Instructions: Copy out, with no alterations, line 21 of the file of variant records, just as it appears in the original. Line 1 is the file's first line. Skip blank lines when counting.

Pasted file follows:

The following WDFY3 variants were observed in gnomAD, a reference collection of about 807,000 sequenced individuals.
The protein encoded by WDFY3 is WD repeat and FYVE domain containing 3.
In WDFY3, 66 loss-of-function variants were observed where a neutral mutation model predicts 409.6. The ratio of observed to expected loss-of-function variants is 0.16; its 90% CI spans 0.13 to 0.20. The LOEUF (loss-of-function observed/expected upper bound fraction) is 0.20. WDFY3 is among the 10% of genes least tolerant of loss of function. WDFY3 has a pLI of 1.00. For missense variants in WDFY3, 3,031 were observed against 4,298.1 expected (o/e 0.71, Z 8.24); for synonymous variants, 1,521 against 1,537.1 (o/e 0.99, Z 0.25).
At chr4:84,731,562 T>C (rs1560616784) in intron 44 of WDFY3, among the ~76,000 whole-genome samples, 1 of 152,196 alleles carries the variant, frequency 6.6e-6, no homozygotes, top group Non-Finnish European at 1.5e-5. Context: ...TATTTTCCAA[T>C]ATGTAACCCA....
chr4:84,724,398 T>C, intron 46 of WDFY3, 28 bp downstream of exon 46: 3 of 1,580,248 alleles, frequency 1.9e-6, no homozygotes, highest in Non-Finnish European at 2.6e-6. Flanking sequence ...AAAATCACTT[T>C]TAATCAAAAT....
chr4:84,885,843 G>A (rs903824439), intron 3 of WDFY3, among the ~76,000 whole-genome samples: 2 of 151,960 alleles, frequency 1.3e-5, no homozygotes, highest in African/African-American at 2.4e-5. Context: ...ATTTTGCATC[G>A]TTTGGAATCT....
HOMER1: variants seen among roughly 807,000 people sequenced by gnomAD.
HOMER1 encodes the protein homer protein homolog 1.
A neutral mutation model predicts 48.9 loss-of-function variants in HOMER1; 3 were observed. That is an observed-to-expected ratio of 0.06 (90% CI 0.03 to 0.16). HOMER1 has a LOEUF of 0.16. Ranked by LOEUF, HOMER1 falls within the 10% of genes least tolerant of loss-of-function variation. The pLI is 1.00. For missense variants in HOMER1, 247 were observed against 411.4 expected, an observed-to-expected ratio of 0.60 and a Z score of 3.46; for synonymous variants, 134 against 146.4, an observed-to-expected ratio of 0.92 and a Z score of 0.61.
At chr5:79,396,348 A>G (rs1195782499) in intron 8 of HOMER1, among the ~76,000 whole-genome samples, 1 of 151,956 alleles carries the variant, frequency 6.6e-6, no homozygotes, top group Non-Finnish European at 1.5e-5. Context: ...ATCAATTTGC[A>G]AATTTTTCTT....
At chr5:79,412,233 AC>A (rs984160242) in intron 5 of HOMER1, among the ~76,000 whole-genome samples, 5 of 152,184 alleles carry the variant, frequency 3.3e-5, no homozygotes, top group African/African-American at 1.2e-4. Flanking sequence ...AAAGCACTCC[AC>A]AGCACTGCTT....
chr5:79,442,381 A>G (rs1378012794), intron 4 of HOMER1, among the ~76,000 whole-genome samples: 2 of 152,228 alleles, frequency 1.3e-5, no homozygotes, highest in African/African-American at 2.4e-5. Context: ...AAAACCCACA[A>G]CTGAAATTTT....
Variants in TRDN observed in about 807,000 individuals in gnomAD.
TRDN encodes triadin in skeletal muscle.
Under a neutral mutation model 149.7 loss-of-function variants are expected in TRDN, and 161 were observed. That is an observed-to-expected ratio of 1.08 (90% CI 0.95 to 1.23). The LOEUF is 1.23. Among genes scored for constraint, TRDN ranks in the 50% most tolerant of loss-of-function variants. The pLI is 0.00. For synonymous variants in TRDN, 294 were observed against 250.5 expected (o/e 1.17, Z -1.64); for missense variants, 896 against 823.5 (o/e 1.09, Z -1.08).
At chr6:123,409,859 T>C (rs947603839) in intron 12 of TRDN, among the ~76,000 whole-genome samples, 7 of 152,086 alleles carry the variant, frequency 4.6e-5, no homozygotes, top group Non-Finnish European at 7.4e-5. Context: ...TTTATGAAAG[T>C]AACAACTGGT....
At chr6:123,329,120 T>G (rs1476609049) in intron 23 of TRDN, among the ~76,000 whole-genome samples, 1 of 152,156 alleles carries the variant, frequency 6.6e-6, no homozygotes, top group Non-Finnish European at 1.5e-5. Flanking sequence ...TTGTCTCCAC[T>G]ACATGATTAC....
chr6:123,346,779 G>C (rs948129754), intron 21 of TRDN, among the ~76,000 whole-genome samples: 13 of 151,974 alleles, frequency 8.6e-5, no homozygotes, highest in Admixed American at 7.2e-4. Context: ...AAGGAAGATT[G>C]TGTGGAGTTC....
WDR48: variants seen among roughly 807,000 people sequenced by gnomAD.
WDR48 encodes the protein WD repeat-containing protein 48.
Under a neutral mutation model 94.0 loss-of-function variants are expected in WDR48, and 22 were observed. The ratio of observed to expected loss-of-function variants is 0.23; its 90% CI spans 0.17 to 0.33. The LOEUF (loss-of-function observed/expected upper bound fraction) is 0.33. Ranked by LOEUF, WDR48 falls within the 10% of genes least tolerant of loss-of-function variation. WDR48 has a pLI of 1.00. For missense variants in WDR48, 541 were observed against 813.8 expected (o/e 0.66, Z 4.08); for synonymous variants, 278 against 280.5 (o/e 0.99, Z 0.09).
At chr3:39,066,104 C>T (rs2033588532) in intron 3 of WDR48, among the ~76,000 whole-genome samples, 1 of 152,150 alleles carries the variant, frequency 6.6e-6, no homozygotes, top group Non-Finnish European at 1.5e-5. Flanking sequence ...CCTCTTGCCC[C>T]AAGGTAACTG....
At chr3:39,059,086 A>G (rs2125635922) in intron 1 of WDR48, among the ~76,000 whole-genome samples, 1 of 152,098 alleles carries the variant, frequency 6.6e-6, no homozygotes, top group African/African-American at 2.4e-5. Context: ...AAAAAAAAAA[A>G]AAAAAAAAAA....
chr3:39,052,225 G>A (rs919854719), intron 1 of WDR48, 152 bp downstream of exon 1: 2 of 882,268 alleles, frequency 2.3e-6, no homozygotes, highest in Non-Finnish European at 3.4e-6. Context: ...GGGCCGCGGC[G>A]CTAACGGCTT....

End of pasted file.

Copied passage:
Under a neutral mutation model 94.0 loss-of-function variants are expected in WDR48, and 22 were observed. The ratio of observed to expected loss-of-function variants is 0.23; its 90% CI spans 0.17 to 0.33. The LOEUF (loss-of-function observed/expected upper bound fraction) is 0.33. Ranked by LOEUF, WDR48 falls within the 10% of genes least tolerant of loss-of-function variation. WDR48 has a pLI of 1.00. For missense variants in WDR48, 541 were observed against 813.8 expected (o/e 0.66, Z 4.08); for synonymous variants, 278 against 280.5 (o/e 0.99, Z 0.09).